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Friday, August 10, 2018

One Degree off Center: Just Enough to Throw Us Off


I heard someone recently characterize the how sometimes it doesn't take much to separate a person from his or her serenity.  His phrasing was "One Degree off Center".  That struck me as a very apt characterization.  This actually feeds into an idea that crystallized for me as it relates it to stress and worry. 

I've observed in my life and that of others a funny phenomenon.  They are hit with a significant negative and they are seemingly able to shrug it off.  Yet, the same person is hit with a relatively insignificant negative (often easy to recover from--a one degree off center negative).  They literally fall to pieces or have their serenity totally disrupted.  As with everything else in my blog, I have a take on this phenomenon.

I have literally avoided doing much research for what I write about as I want what I write to be organic vs. ideas and thoughts I literally lift from elsewhere.  It was suggested to me that I could strengthen my blog by doing more direct citation.  That is to say, take the kernels of an idea that comes to me, pop them, remove the ones that are burnt or unpopped and flavor it with it citations.  But, at this point I will stick with my 'tried and true' method, which is to write mostly from my soul.

Back to the point at hand.  Why do we shrug when we are hit by a big negative and get stuck on the seemingly small things.  I have a thought on that: It is our sense of control.


  • When a circumstance is well beyond our control and it is abundantly obvious to us, there is a sense that there is little point in fretting about it as there is no humanly way possible that will affect the outcome of it.
    • When my car was wrecked at the beginning of 2017, I had been worrying about keeping it in good running order for another year or so.  I'd hoped it would hold out, but I was nervous that miles were piling up on it.  This had been in the back of my mind for a while.  When another driver caused a wreck which destroyed my car, literally everything else was thrown by the wayside.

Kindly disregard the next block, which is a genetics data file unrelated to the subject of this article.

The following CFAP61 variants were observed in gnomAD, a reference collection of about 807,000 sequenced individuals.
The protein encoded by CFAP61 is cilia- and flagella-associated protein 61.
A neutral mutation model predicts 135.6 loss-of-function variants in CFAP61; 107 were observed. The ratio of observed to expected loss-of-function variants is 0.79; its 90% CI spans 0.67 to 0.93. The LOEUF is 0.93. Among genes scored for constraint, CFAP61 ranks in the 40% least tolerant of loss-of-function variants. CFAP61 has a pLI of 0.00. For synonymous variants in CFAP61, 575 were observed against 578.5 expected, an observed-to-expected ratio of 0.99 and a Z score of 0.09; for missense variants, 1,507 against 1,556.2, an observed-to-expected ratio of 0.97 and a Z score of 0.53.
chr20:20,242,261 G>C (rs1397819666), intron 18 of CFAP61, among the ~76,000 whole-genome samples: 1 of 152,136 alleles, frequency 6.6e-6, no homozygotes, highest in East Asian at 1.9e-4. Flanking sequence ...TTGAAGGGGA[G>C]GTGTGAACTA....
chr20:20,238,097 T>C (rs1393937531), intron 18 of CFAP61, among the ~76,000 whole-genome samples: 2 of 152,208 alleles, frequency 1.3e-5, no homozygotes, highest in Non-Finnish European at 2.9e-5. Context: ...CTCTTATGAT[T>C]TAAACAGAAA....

• I no longer had to worry if the car would hold out another 30-40 miles  That choice/concern was taken away from me.
      • I no longer worried that day about making it to work on time.  It was pretty clear that I needed to go home and rest.
      • I figured that their insurance would pay for it and I'd just get a new car.
  • When a circumstance appears to be within our ability to influence or control it is easier to focus on it.  
    • I was fairly sure I left my iPod at work vs. having permanently lost it, but I didn't to drive all the way there to get it.  So, despite my best efforts, I had focused on it on and off over the weekend, hoping that I was right about it.  I was right as I did leave it at work.  I wasted my time worrying on something small because it appeared to be in my control.  

In the first point, it was totally obvious I was thrown completely off center, so I had the sense that I just needed to turn to side or turn around and I'd be back at where I'd need to be rather than trying to make a minute adjustment.  In the second point, I was very close to center, but I couldn't quite get there.  Rather than having to make a large and obvious adjustment, I only needed a slight adjustment to the circumstance to be back at center.  Unfortunately, it would have taken some effort to get back to center--driving an hour and a half to get to and back from work.  So, the one degree off center that that situation was causing me was worse anxiety in some ways than completely having to go from scratch to get a new car did.


Moral of the story: Be willing to give up the worry about that which you believe you can control.  Because a) the sense of control often is an illusion anyway and b) somethings just don't make a difference in the bigger picture.

Just my 1/50th of a dollar worth here.

-- Rich